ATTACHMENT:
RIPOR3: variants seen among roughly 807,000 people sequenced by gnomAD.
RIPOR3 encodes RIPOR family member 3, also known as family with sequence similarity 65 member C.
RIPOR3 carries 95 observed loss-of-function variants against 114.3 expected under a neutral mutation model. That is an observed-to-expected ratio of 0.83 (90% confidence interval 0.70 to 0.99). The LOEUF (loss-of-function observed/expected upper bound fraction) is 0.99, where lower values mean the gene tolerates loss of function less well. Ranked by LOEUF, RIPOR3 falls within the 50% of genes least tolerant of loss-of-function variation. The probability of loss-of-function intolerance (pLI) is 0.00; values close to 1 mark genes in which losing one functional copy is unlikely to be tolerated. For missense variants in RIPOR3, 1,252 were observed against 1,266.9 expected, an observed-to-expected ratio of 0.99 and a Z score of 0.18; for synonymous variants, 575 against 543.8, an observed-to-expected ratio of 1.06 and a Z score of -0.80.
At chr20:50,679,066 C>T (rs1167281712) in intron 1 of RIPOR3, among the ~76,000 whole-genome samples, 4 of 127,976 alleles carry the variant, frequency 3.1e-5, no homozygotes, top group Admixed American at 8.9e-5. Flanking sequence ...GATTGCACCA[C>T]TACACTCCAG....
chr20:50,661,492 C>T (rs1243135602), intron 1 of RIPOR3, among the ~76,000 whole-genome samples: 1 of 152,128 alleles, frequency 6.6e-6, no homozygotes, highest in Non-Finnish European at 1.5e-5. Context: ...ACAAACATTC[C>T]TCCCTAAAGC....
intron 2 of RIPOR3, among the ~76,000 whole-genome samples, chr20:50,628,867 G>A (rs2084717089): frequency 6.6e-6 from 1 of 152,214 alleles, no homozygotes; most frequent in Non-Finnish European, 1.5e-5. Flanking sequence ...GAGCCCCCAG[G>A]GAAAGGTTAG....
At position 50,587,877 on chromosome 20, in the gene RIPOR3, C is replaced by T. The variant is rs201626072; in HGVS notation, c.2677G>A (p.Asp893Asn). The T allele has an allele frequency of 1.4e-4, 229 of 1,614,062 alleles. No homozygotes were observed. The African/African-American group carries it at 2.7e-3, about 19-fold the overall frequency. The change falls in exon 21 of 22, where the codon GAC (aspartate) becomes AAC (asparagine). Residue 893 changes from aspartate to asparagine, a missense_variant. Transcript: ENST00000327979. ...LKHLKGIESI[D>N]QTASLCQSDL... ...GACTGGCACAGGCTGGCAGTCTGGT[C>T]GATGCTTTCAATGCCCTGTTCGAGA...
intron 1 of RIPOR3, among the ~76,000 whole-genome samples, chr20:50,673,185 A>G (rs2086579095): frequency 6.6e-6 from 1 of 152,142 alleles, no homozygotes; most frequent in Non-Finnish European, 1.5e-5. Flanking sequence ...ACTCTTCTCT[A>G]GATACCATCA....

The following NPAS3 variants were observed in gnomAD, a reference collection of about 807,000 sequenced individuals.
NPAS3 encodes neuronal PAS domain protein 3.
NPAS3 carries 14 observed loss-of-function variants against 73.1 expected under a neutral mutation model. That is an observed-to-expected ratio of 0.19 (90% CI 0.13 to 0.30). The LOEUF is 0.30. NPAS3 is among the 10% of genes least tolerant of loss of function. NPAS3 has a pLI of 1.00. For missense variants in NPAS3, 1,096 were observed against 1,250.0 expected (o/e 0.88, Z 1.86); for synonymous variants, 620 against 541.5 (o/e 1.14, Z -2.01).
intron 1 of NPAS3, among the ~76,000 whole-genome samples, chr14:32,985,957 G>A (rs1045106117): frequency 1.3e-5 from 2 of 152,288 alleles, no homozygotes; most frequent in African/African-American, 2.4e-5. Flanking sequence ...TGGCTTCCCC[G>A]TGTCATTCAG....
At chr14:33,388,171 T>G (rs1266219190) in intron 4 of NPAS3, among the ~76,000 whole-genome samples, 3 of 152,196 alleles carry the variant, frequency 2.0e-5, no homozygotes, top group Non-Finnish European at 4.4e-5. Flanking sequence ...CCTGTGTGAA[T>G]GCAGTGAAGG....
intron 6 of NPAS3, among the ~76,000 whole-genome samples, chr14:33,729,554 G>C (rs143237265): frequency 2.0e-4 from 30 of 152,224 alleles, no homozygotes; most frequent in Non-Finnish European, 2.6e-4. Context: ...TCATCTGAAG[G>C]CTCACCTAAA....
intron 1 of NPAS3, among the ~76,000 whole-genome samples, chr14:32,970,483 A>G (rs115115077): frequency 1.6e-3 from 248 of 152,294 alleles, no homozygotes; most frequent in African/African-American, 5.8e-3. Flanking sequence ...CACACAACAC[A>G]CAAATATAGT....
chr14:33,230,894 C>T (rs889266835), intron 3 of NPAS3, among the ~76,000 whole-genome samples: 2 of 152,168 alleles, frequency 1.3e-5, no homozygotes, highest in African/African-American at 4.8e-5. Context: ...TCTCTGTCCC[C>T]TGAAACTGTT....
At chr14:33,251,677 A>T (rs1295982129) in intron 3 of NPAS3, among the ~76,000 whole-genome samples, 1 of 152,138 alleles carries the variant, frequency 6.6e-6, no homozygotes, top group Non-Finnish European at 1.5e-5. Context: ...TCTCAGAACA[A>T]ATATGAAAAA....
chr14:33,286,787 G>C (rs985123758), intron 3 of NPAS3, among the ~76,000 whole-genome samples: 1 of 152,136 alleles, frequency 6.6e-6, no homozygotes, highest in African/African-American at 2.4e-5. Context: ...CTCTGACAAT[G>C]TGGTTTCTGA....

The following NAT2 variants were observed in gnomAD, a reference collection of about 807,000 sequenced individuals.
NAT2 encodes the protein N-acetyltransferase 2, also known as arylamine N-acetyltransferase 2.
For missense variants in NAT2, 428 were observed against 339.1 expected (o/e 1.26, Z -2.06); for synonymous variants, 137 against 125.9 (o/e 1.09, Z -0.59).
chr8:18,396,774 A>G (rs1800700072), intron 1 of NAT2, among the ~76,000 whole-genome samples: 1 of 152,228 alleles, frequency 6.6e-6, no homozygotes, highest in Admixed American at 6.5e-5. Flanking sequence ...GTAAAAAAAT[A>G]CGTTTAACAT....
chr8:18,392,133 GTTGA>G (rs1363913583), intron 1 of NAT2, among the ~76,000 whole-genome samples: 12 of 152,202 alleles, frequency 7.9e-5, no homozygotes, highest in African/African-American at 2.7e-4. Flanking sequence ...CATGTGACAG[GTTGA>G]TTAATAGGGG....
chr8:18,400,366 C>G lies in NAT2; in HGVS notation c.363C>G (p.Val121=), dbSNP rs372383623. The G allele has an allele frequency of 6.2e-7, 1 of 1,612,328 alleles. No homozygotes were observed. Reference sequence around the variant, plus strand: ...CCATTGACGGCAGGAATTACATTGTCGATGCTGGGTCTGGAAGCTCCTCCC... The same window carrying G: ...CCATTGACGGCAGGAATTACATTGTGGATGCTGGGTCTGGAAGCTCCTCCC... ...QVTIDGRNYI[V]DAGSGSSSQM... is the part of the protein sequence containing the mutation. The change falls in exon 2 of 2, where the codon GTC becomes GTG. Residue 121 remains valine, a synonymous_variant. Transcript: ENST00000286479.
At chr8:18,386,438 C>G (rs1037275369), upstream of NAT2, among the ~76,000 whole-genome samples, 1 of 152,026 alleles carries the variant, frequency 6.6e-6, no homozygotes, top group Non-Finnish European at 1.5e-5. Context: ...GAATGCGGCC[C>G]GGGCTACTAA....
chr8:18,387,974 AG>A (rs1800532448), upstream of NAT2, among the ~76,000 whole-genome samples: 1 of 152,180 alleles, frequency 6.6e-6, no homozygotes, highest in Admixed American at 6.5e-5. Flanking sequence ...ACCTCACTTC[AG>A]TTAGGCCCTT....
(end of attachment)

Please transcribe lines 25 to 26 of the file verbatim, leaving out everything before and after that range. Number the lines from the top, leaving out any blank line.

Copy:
At chr8:18,386,438 C>G (rs1037275369), upstream of NAT2, among the ~76,000 whole-genome samples, 1 of 152,026 alleles carries the variant, frequency 6.6e-6, no homozygotes, top group Non-Finnish European at 1.5e-5. Context: ...GAATGCGGCC[C>G]GGGCTACTAA....
chr8:18,387,974 AG>A (rs1800532448), upstream of NAT2, among the ~76,000 whole-genome samples: 1 of 152,180 alleles, frequency 6.6e-6, no homozygotes, highest in Admixed American at 6.5e-5. Flanking sequence ...ACCTCACTTC[AG>A]TTAGGCCCTT....